Does the evil sounding phenomenon known as Dark Silicon create a big opportunity for FPGA vendors as was predicted recently by Pacific Crest Securities? John Vinh posits that using multiple cores as a method of scaling throughput is flattening out, and the use of FPGA’s to perform computation can help off-load and thus overcome this issue.
The root cause of the so called Dark Silicon phenomenon has nothing to do with evil Sith Lords or a post-apocalyptic Mad Max world left without any power to run IC’s. Any ASIC designer will tell you that it is essential to manage on chip power through controlling clocks, voltages and turning modules on and off as needed. Clock gating is the main tool in this camp, given that clock trees and flops consume a tremendous share of an ASIC’s power. Of course lowering clock rates helps, but this comes at a direct cost of performance, the very thing we are trying to squeeze out of these designs.
Dark Silicon is more of an effect than a cause. When there are more gates on an ASIC than can be run within the thermal constraints of the design, the silicon that cannot be run is called Dark Silicon. It’s really better to think of it as a percentage of what needs to be switched off, rather than specific blocks that never run. However this is nothing new.
What is new is the disparity between gates available and the ability to run them. Multicores helped push through the performance barrier when clock rates for CPU’s plateaued between 3 and 4 GHz. But multicores are also running out of steam. But does adding FPGA’s programmed to perform computation in server farms really solve this problem?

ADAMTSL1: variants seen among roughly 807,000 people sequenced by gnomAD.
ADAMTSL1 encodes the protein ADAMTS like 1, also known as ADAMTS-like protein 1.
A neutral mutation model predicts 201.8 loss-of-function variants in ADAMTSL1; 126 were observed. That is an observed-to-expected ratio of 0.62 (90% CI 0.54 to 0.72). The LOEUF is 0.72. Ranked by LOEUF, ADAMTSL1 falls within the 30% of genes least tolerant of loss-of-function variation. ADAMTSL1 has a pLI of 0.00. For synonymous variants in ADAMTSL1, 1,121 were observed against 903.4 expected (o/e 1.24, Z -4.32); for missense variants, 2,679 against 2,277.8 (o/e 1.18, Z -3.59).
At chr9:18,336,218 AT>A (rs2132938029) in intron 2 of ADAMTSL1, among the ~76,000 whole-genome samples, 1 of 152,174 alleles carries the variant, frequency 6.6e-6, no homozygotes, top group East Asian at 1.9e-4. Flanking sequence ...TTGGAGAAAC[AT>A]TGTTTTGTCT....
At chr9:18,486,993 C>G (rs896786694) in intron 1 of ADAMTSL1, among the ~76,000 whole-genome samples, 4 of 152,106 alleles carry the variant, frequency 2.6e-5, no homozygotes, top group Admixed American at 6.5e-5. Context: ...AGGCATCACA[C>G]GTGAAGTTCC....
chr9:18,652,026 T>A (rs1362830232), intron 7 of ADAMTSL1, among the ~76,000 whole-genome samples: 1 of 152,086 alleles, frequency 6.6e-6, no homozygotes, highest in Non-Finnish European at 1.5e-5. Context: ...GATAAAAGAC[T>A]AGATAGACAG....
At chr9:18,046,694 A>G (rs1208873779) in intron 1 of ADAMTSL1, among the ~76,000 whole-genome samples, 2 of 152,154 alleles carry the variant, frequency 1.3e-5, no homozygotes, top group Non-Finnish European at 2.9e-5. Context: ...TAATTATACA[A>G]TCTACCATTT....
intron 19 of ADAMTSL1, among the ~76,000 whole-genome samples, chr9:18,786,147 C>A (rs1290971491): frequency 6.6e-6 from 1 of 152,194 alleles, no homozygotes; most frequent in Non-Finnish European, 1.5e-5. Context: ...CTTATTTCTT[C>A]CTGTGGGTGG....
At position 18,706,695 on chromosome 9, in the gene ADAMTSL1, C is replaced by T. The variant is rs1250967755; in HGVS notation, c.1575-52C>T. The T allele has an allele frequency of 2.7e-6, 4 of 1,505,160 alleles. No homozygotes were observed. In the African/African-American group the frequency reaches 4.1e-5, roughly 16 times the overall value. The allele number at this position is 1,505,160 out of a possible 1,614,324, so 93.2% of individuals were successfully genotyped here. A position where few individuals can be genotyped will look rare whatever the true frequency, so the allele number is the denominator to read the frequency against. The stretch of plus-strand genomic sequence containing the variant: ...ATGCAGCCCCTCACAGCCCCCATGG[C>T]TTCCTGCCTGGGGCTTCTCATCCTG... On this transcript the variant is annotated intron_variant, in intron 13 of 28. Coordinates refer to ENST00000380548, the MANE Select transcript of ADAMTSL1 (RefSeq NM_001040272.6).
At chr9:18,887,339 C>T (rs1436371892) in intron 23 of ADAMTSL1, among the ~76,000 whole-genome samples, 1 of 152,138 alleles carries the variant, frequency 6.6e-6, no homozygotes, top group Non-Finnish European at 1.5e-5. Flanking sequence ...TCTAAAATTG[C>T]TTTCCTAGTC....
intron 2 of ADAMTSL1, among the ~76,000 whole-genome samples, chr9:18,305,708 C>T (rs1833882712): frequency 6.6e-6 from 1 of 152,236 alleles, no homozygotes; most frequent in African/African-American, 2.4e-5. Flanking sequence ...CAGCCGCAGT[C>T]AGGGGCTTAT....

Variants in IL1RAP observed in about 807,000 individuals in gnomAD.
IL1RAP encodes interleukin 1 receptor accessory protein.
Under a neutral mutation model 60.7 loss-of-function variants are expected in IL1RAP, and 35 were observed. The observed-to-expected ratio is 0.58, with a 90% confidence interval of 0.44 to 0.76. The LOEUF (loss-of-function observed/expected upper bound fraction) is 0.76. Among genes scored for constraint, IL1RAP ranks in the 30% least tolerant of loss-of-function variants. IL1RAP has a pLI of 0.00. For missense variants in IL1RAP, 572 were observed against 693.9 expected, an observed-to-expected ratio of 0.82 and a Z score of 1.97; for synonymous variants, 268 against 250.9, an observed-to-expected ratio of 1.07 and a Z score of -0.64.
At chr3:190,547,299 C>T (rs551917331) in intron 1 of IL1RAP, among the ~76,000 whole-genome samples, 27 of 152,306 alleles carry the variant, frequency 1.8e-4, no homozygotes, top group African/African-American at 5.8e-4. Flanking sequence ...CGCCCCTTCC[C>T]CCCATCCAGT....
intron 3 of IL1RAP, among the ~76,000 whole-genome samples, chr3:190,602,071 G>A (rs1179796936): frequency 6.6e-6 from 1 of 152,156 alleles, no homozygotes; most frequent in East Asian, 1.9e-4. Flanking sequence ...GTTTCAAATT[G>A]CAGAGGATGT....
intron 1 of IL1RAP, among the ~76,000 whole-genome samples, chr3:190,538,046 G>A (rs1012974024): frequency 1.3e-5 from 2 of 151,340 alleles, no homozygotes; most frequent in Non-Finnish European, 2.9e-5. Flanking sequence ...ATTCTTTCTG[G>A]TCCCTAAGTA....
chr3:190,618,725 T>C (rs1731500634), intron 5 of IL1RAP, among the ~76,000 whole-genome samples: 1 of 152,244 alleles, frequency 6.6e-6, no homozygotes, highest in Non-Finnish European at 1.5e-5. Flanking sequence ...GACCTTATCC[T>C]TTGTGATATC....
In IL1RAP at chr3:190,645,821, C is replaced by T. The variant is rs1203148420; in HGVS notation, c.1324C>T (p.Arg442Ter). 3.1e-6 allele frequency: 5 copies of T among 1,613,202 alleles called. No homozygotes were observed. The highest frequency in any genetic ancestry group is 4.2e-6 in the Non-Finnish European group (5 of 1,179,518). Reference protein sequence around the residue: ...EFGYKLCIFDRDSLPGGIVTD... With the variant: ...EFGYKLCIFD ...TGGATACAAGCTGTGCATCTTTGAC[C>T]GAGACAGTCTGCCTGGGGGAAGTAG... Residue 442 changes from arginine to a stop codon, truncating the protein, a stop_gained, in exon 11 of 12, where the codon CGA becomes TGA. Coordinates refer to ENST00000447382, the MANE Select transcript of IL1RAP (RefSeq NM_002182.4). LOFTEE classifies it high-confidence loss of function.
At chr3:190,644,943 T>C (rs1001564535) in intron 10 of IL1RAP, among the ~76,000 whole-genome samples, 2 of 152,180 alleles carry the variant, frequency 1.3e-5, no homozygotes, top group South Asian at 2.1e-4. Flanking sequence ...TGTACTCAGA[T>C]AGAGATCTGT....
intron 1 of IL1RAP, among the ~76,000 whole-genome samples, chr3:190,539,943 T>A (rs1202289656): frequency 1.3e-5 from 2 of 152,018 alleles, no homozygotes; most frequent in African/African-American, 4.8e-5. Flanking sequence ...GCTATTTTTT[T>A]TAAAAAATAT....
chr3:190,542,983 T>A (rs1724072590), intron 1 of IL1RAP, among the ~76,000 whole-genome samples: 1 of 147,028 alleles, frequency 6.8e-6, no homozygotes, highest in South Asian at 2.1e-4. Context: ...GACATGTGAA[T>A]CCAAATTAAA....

The rule of thumb for converting a software task to an FPGA is that is provides about a 10X improvement in performance. But when Microsoft used a hybrid FGPA-CPU combination for its Bing search engine, they realized a 2X improvement.
So there is clearly a cost in the hybridization process. What the Pacific Crest piece overlooks is the silicon utilization question for FPGA’s. Yes they can get higher throughput than a general purpose CPU with software algorithms, but where do they stand with regards to gate utilization and power consumption per computational operation? I bet that a CPU can perform more hardware work per unit power and silicon than an FPGA. They are optimized to do just that. FPGA’s certainly run slower than dedicated CPU’s.
FPGA’s in this case are just able to solve an algorithm with less computation. So they have an advantage, but apparently not as big as you‘d expect – vis-a-vis the 2X gain, not the 10X you might expect in this scenario. And, as you might guess an ASIC would do even better for a hard wired algorithm. The easiest example to understand this is Bitcoin mining. People quickly stopped using processors and went to FPGA’s for generating Bitcoin hashes. FPGA’s were a lot faster than software for generating hashes, but the dedicated ASIC’s are orders of magnitudes faster.
Dark Silicon is real and is causing people to design differently, but the move to FPGA’s is more about how many gates need to be toggled to solve a particular problem based on how general purpose the hardware is. Companies like Google, Microsoft and the other search and big data providers have enough clout to build their own ASIC’s for search and computation. And let’s not forget Oracle with some significant in house chip design expertise. And these ASIC’s will probably run pretty fast – and yet they will still need to worry about Dark Silicon.Share this post via: